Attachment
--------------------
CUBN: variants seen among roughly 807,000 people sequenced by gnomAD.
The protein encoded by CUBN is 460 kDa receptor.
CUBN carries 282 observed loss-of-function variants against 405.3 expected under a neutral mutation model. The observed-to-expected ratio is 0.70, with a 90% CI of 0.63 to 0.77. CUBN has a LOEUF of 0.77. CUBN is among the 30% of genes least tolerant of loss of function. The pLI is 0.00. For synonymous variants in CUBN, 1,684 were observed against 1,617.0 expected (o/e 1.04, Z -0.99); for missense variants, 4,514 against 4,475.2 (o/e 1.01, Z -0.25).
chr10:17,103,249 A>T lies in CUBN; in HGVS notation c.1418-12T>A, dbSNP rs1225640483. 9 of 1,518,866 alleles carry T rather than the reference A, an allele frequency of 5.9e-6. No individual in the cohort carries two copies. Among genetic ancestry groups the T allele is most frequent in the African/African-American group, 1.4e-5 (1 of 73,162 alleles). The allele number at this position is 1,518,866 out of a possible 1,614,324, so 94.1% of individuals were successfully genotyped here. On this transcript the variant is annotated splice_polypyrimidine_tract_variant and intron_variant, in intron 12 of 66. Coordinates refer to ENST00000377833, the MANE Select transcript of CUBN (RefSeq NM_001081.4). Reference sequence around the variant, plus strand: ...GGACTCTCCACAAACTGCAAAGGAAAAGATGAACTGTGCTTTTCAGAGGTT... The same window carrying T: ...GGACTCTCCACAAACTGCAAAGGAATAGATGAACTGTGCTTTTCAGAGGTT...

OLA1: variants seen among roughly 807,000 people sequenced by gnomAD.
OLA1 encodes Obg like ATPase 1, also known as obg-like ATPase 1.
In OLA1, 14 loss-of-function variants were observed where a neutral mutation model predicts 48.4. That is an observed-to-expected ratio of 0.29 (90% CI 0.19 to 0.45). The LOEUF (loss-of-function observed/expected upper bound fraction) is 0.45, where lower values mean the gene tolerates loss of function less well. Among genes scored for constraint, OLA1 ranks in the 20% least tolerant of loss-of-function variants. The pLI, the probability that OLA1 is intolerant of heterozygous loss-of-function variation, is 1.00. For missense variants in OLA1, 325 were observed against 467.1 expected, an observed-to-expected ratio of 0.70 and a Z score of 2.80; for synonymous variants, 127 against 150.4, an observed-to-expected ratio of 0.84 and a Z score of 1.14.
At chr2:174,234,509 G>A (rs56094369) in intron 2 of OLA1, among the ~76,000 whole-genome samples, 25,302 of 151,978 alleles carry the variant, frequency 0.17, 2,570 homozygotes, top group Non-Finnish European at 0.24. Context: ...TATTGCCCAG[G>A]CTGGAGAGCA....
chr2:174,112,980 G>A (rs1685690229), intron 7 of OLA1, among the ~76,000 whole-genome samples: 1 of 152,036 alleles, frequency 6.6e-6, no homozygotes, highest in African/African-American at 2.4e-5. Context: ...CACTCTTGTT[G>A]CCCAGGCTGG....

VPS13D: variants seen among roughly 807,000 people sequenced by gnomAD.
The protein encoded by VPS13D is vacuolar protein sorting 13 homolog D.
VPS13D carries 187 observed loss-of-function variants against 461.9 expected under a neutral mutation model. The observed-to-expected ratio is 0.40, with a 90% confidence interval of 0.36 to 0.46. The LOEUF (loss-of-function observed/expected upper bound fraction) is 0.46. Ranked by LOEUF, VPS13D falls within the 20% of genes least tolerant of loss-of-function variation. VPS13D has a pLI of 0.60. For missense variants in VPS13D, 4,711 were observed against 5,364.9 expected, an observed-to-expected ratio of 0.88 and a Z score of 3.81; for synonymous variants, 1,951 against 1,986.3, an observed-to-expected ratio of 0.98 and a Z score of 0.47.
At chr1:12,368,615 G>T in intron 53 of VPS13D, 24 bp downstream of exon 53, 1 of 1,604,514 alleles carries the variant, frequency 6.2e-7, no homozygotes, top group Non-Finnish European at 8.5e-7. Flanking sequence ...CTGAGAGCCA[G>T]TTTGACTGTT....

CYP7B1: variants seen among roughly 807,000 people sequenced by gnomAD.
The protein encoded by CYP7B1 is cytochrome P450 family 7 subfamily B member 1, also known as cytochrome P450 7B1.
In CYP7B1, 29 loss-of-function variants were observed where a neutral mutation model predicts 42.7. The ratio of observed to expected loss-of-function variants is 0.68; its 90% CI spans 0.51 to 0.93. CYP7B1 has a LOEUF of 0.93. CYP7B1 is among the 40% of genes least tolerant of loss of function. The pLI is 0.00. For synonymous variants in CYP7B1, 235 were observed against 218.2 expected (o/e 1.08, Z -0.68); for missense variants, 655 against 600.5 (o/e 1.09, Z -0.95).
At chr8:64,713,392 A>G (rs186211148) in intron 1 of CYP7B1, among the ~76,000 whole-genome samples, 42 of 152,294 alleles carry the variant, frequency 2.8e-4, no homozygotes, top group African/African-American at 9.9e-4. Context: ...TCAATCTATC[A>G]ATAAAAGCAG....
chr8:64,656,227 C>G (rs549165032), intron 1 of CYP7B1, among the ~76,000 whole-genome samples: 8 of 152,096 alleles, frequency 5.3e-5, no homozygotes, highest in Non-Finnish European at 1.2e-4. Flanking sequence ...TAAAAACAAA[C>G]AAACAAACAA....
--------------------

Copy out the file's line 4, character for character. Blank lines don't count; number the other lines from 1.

chr10:17,103,249 A>T lies in CUBN; in HGVS notation c.1418-12T>A, dbSNP rs1225640483. 9 of 1,518,866 alleles carry T rather than the reference A, an allele frequency of 5.9e-6. No individual in the cohort carries two copies. Among genetic ancestry groups the T allele is most frequent in the African/African-American group, 1.4e-5 (1 of 73,162 alleles). The allele number at this position is 1,518,866 out of a possible 1,614,324, so 94.1% of individuals were successfully genotyped here. On this transcript the variant is annotated splice_polypyrimidine_tract_variant and intron_variant, in intron 12 of 66. Coordinates refer to ENST00000377833, the MANE Select transcript of CUBN (RefSeq NM_001081.4). Reference sequence around the variant, plus strand: ...GGACTCTCCACAAACTGCAAAGGAAAAGATGAACTGTGCTTTTCAGAGGTT... The same window carrying T: ...GGACTCTCCACAAACTGCAAAGGAATAGATGAACTGTGCTTTTCAGAGGTT...